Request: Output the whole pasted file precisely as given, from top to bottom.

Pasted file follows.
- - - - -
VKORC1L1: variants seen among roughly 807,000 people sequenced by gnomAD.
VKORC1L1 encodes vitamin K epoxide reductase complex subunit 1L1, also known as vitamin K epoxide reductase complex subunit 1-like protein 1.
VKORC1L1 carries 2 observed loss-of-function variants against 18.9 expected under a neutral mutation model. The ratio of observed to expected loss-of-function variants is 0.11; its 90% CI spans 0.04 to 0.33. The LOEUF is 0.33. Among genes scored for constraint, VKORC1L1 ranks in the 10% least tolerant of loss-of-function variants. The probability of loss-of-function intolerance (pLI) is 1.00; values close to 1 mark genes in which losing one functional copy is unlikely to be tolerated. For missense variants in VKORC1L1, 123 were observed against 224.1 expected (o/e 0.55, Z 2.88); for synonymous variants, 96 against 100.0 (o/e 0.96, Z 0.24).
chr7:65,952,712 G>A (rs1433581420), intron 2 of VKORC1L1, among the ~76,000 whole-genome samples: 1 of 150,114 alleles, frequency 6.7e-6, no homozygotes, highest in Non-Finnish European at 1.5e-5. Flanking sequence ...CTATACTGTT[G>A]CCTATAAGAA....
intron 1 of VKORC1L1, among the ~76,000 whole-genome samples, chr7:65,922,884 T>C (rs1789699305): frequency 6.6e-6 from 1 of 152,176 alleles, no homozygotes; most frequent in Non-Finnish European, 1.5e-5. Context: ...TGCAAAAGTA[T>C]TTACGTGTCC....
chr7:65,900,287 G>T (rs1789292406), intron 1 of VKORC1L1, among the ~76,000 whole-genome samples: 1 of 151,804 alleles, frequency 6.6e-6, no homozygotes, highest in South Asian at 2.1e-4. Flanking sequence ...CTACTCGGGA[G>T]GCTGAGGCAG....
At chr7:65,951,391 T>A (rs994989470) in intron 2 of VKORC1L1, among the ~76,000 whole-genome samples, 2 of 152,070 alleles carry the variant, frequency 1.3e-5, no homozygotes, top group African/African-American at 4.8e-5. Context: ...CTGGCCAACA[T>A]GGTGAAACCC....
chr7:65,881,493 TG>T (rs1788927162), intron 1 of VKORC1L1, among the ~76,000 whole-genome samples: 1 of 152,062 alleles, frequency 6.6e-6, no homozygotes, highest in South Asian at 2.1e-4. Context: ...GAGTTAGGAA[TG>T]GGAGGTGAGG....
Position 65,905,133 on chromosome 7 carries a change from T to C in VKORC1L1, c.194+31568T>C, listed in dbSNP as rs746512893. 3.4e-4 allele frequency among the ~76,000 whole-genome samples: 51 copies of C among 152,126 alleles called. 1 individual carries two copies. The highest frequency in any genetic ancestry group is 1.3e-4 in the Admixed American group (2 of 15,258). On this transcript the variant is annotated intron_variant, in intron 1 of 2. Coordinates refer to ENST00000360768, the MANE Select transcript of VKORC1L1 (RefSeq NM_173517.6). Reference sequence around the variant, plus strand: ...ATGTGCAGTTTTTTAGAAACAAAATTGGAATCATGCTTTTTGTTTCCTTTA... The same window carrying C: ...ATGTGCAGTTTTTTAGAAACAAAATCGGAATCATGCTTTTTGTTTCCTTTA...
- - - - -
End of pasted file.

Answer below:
VKORC1L1: variants seen among roughly 807,000 people sequenced by gnomAD.
VKORC1L1 encodes vitamin K epoxide reductase complex subunit 1L1, also known as vitamin K epoxide reductase complex subunit 1-like protein 1.
VKORC1L1 carries 2 observed loss-of-function variants against 18.9 expected under a neutral mutation model. The ratio of observed to expected loss-of-function variants is 0.11; its 90% CI spans 0.04 to 0.33. The LOEUF is 0.33. Among genes scored for constraint, VKORC1L1 ranks in the 10% least tolerant of loss-of-function variants. The probability of loss-of-function intolerance (pLI) is 1.00; values close to 1 mark genes in which losing one functional copy is unlikely to be tolerated. For missense variants in VKORC1L1, 123 were observed against 224.1 expected (o/e 0.55, Z 2.88); for synonymous variants, 96 against 100.0 (o/e 0.96, Z 0.24).
chr7:65,952,712 G>A (rs1433581420), intron 2 of VKORC1L1, among the ~76,000 whole-genome samples: 1 of 150,114 alleles, frequency 6.7e-6, no homozygotes, highest in Non-Finnish European at 1.5e-5. Flanking sequence ...CTATACTGTT[G>A]CCTATAAGAA....
intron 1 of VKORC1L1, among the ~76,000 whole-genome samples, chr7:65,922,884 T>C (rs1789699305): frequency 6.6e-6 from 1 of 152,176 alleles, no homozygotes; most frequent in Non-Finnish European, 1.5e-5. Context: ...TGCAAAAGTA[T>C]TTACGTGTCC....
chr7:65,900,287 G>T (rs1789292406), intron 1 of VKORC1L1, among the ~76,000 whole-genome samples: 1 of 151,804 alleles, frequency 6.6e-6, no homozygotes, highest in South Asian at 2.1e-4. Flanking sequence ...CTACTCGGGA[G>T]GCTGAGGCAG....
At chr7:65,951,391 T>A (rs994989470) in intron 2 of VKORC1L1, among the ~76,000 whole-genome samples, 2 of 152,070 alleles carry the variant, frequency 1.3e-5, no homozygotes, top group African/African-American at 4.8e-5. Context: ...CTGGCCAACA[T>A]GGTGAAACCC....
chr7:65,881,493 TG>T (rs1788927162), intron 1 of VKORC1L1, among the ~76,000 whole-genome samples: 1 of 152,062 alleles, frequency 6.6e-6, no homozygotes, highest in South Asian at 2.1e-4. Context: ...GAGTTAGGAA[TG>T]GGAGGTGAGG....
Position 65,905,133 on chromosome 7 carries a change from T to C in VKORC1L1, c.194+31568T>C, listed in dbSNP as rs746512893. 3.4e-4 allele frequency among the ~76,000 whole-genome samples: 51 copies of C among 152,126 alleles called. 1 individual carries two copies. The highest frequency in any genetic ancestry group is 1.3e-4 in the Admixed American group (2 of 15,258). On this transcript the variant is annotated intron_variant, in intron 1 of 2. Coordinates refer to ENST00000360768, the MANE Select transcript of VKORC1L1 (RefSeq NM_173517.6). Reference sequence around the variant, plus strand: ...ATGTGCAGTTTTTTAGAAACAAAATTGGAATCATGCTTTTTGTTTCCTTTA... The same window carrying C: ...ATGTGCAGTTTTTTAGAAACAAAATCGGAATCATGCTTTTTGTTTCCTTTA...